Its with no certain amount of shear, unadulterated joy that I can announce that think3 are back. For those that aren’t aware, think3 has been one of the most entertaining companies to watch in the CAD industry for years. They started out decades ago, as CAD Lab I seem to remember. Went through a rebranding excercise, ran a competition to find their new name (think3). Hired a big shot CEO (can’t remember.. Joe Costello) and started calling themselves an upstart MCAD company. That CEO caused a bit of stir because he ripped into the press for not covering his products and came unstuck. They also released training tools that used a video game to teach 3D modelling - The Monkey Wrench Conspiracy.

But the shame of it is that they had some interesting tools, some technology that was uniqe. Many vendors couldn’t touch their styling and surfacing tools, particularly the Global Shape Modelling (GSM) tools.

These were pretty unique back then - but if there ever was a story of a loss of potential, then this is it. Times have changed and with today’s technology, new players on the market, and the old guard doing innovative stuff, I wonder if this is a last gasp attempt - at what, I’m not too sure - acquisition?

I wonder if the users on the web-site are still using it - are the design teams at Alessi, Buel, all those others, still plugging away with ThinkDesign? Who knows.

The Press Release says: “Think3, the only supplier to offer technology solutions that combine product concept, development and design implementation environments, has launched new release of its CAD and PLM product lines ThinkDesign Suite and thinkPLM Suite 2008.1.”


Welcome Back.


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Future CAD: Download or Dealer?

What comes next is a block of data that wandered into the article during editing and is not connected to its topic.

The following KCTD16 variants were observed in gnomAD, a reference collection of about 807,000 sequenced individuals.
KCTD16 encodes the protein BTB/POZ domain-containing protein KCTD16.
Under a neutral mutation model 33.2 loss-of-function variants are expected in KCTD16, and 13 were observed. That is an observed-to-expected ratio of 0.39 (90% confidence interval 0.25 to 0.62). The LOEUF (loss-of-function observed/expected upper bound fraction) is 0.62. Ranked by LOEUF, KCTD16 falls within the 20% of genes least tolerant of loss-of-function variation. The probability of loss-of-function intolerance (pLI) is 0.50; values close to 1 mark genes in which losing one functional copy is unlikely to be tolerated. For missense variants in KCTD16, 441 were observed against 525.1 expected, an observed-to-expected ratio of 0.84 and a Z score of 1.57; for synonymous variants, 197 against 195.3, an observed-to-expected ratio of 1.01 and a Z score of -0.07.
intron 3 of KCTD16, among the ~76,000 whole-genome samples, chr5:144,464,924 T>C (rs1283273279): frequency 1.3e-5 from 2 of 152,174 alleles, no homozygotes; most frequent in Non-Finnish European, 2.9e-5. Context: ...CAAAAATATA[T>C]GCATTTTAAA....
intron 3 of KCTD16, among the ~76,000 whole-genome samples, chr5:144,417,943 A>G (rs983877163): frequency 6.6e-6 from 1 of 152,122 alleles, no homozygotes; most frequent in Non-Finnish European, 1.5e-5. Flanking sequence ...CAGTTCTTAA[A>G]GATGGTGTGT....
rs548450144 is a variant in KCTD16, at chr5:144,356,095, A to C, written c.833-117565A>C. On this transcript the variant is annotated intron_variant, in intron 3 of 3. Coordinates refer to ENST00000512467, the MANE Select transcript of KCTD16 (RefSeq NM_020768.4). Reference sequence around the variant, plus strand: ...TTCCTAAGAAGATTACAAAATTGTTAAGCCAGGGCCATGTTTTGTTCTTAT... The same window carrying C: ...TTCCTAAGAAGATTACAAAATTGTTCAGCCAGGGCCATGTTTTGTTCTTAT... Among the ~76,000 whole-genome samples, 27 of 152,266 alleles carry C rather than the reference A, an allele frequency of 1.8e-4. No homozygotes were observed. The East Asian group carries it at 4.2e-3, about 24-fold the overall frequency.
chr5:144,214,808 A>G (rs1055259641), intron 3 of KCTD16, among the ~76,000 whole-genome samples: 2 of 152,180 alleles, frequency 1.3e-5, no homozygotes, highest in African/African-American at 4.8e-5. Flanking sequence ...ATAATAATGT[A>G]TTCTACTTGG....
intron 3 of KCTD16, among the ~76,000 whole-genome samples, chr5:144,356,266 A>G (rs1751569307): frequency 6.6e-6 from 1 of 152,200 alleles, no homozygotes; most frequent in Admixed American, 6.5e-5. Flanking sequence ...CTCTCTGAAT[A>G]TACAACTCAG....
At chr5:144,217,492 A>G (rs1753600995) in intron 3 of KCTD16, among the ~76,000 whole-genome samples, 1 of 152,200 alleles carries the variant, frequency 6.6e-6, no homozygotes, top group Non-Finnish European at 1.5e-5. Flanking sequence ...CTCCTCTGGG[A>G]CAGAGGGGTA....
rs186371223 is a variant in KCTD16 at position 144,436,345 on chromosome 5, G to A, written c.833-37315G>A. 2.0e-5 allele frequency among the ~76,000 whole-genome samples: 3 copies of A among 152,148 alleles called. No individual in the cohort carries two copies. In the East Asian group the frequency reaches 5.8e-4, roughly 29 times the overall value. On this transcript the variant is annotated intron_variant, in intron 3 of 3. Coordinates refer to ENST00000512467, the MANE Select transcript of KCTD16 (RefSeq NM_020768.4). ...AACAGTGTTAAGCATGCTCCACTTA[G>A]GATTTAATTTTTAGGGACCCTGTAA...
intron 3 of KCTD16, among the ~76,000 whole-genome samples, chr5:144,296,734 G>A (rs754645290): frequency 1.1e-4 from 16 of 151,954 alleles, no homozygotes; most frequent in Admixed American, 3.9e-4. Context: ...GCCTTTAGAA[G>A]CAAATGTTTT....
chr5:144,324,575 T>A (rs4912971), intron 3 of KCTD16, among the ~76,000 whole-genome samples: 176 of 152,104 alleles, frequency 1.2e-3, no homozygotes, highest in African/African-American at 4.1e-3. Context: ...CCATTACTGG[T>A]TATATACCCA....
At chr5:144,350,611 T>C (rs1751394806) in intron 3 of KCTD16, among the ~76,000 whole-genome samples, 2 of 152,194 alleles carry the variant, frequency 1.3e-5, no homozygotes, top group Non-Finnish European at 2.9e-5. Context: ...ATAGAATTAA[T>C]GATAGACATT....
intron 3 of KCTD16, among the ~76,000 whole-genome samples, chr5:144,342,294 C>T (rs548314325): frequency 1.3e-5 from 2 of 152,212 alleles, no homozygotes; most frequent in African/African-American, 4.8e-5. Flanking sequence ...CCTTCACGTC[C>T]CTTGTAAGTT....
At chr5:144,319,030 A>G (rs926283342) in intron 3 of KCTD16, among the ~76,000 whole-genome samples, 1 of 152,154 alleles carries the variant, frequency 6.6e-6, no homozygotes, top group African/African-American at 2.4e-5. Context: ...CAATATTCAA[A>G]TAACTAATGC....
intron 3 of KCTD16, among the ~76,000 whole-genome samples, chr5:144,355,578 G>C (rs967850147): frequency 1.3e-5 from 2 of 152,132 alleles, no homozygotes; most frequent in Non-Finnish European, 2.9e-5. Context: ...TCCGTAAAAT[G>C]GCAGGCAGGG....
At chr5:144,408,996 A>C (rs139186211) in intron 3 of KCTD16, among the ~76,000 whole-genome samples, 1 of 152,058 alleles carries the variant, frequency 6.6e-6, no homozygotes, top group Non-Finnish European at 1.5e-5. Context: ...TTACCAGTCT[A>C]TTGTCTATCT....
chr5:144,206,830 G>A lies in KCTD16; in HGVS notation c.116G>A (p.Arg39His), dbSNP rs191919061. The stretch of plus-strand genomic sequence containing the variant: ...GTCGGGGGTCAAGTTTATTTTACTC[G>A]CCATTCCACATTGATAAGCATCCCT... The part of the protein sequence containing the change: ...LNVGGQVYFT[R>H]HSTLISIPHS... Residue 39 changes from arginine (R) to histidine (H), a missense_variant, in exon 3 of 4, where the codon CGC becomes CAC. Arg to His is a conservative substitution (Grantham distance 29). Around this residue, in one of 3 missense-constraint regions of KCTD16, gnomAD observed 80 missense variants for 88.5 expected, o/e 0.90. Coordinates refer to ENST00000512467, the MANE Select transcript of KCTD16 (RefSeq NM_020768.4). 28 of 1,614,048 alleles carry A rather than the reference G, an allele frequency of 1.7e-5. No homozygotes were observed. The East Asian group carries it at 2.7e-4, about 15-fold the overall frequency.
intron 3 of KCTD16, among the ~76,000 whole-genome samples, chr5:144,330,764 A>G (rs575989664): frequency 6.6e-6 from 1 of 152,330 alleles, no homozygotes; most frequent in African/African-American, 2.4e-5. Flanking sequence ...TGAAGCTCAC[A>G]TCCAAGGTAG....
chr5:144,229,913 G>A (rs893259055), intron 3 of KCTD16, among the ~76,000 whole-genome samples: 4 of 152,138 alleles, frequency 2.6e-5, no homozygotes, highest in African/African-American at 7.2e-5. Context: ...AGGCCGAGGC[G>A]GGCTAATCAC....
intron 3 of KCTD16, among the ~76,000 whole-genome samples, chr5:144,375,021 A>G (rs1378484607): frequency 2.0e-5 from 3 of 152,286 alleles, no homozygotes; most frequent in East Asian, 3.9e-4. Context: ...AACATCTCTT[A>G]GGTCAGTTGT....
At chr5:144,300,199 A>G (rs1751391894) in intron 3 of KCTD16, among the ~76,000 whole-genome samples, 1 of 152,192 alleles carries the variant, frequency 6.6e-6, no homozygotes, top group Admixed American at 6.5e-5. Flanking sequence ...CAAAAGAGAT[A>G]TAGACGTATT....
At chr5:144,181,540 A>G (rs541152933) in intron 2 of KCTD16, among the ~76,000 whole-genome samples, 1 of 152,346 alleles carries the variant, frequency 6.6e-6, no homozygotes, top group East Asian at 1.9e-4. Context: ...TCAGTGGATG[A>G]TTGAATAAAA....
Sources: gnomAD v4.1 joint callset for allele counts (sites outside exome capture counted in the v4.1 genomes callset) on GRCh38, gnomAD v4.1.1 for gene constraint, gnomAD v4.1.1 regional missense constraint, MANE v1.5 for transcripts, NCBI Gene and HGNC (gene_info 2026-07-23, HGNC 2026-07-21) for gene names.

Published 12 May 2008

Posted by Martyn Day

Article tagged with:

Many of the people in CAD dealerships have been selling CAD for many years. While Channel managers and sales folks at the CAD vendors come and go with the seasons, these dealership principles are the main industry constant. The sales of whatever CAD system they have affiliated themselves with puts bread on their tables and hopefully pays their mortgages. These people are business folks that have to take a long hard look at how they can grow their businesses with the least risk and in a controlled, sustainable way. This is typically at odds with the rate at which the CAD vendors want them to grow. Of course it is also possible to grow your CAD dealership through developing more added-value services, or selling additional products, perhaps in a different market segment - but then this does not favour the CAD vendor, as they want to sell more boxes of branded product.

So there is a lot of pressure on dealers at the moment to increase sales, hire more staff and be more aggressive about new-seat business. However, long-term, I see trouble on the horizon. The route to the customer will, in the next 2 or 3 years change, as the old Value Added Reseller (VAR) model will have to sit with Web-based delivery and the ability to order CAD products and services direct over the web. No vendor will talk at any length on how the existing channel and direct downloads will work, yet they are all developing web delivery businesses.

It all boils down to the value that the vendors see in having an experienced channel and the revenue they want to give to these dealers in an increasingly web-delivered world. Perhaps being a big dealer, with many expensive sales staff, will be a disadvantage in the future? Can the dealers trust the vendors to look after their interests?